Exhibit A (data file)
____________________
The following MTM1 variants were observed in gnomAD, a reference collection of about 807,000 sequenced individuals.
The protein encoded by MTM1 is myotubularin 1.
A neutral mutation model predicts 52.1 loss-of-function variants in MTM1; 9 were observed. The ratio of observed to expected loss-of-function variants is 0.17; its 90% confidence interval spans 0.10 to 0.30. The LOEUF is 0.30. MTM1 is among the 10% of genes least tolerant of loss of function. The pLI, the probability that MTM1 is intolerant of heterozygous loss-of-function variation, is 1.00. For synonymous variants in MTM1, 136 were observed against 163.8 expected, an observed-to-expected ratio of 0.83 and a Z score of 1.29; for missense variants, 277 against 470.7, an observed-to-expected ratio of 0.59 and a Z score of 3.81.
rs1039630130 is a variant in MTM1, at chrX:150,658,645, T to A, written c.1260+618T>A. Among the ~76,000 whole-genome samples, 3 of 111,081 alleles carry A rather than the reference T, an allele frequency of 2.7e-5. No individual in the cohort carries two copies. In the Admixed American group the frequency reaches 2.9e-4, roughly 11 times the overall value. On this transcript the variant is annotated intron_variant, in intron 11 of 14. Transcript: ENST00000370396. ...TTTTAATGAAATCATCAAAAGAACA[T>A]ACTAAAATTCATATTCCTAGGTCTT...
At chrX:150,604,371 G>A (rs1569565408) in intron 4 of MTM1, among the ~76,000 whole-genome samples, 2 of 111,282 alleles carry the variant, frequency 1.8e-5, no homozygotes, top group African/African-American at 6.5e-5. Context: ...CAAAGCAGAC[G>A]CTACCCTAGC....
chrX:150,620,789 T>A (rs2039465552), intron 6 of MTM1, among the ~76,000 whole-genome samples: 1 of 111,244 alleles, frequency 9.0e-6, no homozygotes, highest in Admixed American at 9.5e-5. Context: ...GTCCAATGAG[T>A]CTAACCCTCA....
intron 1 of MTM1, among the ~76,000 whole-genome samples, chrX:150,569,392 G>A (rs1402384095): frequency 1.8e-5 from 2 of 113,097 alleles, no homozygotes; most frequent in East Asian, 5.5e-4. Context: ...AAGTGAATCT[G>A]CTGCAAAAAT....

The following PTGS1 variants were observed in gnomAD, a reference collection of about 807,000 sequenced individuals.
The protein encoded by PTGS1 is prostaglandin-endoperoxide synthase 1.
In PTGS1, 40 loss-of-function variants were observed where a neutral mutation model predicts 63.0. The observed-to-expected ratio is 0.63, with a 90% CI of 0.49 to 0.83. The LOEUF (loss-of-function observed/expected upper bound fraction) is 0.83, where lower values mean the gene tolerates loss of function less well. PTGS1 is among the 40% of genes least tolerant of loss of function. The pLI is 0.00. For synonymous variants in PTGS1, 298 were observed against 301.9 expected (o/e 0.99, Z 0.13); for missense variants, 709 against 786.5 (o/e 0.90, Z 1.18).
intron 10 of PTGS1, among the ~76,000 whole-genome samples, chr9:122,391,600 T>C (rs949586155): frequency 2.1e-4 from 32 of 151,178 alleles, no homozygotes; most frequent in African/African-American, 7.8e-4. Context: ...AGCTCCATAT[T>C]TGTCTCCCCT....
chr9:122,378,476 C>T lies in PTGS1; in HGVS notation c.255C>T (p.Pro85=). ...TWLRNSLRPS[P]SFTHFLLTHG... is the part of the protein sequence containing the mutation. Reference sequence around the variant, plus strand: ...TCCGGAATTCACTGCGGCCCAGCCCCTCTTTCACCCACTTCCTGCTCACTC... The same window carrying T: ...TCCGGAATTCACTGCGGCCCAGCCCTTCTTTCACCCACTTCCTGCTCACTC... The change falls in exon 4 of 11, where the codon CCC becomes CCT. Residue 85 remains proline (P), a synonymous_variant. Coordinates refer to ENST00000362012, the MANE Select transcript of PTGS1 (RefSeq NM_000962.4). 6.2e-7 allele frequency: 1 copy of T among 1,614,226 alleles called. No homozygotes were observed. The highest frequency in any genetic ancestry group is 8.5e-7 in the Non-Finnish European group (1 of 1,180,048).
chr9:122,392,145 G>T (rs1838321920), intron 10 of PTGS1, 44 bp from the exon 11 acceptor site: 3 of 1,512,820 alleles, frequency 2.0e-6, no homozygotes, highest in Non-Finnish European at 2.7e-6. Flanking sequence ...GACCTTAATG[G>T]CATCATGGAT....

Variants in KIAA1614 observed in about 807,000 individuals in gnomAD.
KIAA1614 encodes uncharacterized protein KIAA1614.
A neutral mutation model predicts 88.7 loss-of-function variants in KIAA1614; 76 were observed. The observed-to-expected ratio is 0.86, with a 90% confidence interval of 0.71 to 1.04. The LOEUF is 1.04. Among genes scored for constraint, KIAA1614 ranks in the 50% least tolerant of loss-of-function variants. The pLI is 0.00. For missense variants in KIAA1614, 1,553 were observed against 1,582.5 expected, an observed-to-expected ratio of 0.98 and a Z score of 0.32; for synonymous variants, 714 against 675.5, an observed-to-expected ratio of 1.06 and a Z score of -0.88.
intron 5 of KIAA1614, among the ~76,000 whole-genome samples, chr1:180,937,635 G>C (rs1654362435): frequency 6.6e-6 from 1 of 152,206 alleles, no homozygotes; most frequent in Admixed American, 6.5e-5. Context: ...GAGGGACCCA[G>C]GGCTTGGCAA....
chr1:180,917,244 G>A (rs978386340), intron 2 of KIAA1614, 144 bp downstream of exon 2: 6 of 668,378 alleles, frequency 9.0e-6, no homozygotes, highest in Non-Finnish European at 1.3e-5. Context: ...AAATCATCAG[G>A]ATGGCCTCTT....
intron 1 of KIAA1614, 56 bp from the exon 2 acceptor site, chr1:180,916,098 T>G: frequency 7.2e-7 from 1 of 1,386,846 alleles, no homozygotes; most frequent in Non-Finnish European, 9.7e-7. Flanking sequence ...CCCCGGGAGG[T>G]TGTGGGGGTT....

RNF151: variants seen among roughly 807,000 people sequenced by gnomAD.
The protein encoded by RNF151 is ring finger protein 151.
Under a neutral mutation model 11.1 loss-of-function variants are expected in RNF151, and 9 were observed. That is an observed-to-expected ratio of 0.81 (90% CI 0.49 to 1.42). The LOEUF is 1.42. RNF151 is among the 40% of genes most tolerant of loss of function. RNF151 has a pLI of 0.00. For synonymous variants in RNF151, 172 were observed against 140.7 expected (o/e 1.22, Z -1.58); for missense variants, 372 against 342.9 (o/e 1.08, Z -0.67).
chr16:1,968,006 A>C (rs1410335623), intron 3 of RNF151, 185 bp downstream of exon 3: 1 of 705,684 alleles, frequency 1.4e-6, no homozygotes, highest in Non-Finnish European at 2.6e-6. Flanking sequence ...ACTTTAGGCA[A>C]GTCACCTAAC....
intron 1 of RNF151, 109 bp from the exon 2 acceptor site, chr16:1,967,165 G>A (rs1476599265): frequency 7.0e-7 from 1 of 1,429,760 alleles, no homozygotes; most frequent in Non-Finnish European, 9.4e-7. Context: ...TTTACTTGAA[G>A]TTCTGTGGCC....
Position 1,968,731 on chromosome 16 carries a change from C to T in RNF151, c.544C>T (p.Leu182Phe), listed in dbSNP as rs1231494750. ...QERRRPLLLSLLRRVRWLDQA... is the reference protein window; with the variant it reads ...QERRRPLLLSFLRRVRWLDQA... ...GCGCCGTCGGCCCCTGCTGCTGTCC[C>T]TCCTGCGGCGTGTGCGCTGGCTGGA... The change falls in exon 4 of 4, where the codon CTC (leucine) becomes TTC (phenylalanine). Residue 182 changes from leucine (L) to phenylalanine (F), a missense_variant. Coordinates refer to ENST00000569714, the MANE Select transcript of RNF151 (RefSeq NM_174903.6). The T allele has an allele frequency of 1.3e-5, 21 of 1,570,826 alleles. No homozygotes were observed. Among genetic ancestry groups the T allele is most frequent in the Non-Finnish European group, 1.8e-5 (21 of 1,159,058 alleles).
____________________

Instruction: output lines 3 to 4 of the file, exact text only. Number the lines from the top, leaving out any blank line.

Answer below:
A neutral mutation model predicts 52.1 loss-of-function variants in MTM1; 9 were observed. The ratio of observed to expected loss-of-function variants is 0.17; its 90% confidence interval spans 0.10 to 0.30. The LOEUF is 0.30. MTM1 is among the 10% of genes least tolerant of loss of function. The pLI, the probability that MTM1 is intolerant of heterozygous loss-of-function variation, is 1.00. For synonymous variants in MTM1, 136 were observed against 163.8 expected, an observed-to-expected ratio of 0.83 and a Z score of 1.29; for missense variants, 277 against 470.7, an observed-to-expected ratio of 0.59 and a Z score of 3.81.
rs1039630130 is a variant in MTM1, at chrX:150,658,645, T to A, written c.1260+618T>A. Among the ~76,000 whole-genome samples, 3 of 111,081 alleles carry A rather than the reference T, an allele frequency of 2.7e-5. No individual in the cohort carries two copies. In the Admixed American group the frequency reaches 2.9e-4, roughly 11 times the overall value. On this transcript the variant is annotated intron_variant, in intron 11 of 14. Transcript: ENST00000370396. ...TTTTAATGAAATCATCAAAAGAACA[T>A]ACTAAAATTCATATTCCTAGGTCTT...